Margaret Cavendish was most likely born in 1623, but the records of her birth were lost during the English Civil Wars. She was born Margaret Lucas and was the youngest of eight children. Her father died when she was only two years old, after being sent into exile over a deadly duel. Therefore, Cavendish’s relationship with her mother was the most important in her young life She spent a great deal of her youth alongside her siblings and did not have any formal education. The only time she was exposed to new information was from a governess and occasional tutoring sessions. Despite this fact Cavendish displayed an aptitude for learning and a desire to better herself through writing.
When Cavendish was still fairly young she became a lady-in-waiting to Queen Henrietta Maria while she was in Oxford. This position took the young aspiring writer away from her family for long periods of time and she traveled with the Queen after she was exiled to France.
It was only a year later, in 1645, when Cavendish met William Cavendish, Marquis of Newcastle. He too had been exiled. The couple married in December of that same year. William was a positive influence in his wife’s life, encouraging her to write and paying for an improved education. He would also go on to pay for the publication of her books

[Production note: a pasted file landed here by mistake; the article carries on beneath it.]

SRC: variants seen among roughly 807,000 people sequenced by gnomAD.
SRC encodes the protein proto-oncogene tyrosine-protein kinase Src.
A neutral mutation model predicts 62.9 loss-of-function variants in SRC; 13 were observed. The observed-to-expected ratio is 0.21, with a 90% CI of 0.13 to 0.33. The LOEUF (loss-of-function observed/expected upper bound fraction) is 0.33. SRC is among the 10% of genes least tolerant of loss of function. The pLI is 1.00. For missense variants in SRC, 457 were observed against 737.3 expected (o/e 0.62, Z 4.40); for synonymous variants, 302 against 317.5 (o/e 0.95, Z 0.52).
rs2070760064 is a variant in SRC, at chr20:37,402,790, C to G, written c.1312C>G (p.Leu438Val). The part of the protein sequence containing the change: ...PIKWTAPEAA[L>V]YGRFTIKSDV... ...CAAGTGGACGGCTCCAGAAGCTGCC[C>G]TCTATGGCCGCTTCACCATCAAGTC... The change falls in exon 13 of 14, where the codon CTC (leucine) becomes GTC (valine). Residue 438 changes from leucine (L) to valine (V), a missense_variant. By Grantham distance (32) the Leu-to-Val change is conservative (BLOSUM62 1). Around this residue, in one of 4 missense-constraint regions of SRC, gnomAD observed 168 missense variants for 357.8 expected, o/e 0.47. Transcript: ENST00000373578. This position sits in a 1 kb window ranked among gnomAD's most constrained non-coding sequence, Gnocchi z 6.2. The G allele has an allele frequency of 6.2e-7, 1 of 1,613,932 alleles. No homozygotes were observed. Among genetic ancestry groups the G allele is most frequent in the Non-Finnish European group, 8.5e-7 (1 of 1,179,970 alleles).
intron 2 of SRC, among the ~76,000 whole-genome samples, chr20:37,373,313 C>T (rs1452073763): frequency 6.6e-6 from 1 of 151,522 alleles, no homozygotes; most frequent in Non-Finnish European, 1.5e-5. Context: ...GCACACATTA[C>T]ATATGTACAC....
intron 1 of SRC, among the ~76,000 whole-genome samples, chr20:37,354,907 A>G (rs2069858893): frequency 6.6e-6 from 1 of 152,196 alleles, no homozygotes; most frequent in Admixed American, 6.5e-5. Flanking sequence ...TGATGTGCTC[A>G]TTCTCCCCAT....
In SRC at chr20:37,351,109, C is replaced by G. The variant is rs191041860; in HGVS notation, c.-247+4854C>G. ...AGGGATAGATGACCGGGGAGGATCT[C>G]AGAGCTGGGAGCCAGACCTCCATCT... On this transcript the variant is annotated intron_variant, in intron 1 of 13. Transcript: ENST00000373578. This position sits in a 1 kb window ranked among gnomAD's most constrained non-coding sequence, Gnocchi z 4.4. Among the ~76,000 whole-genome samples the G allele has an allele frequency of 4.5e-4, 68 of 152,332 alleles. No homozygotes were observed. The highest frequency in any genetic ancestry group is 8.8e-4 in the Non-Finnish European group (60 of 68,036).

Cavendish did not have any children, so her time was occupied in writing and travel. She moved around Europe, between Antwerp, Paris and Rotterdam. In was in 1651, after a visit to England, that her career finally took a step in the right direction. Her first two books were published during an eighteen month stay in the city. Both collections, Poems, and Fancies and Philosophical Fancies were published in 1653. The former touched on a wide number of subjects and, through its very existence, spoke on the nature of poetry published by women.
In 1653, Cavendish returned to Antwerp to live with her husband and published her next collection, The Worlds Olio. In the ‘60s the couple spent more time in London, England, but they were uncomfortable in the court of Charles II and soon moved to Welbeck. The first collection of plays that Cavendish published was released in 1662 and was followed by Orations of Divers Sorts, Accommodated to Divers Places that same year.
Cavendish lived out the remaining years of her life in discomfort. Her marriage was filled with dispute, her work had not been received well, and she died suddenly in December of 1673. She was buried in Westminster Abbey in January of 1674.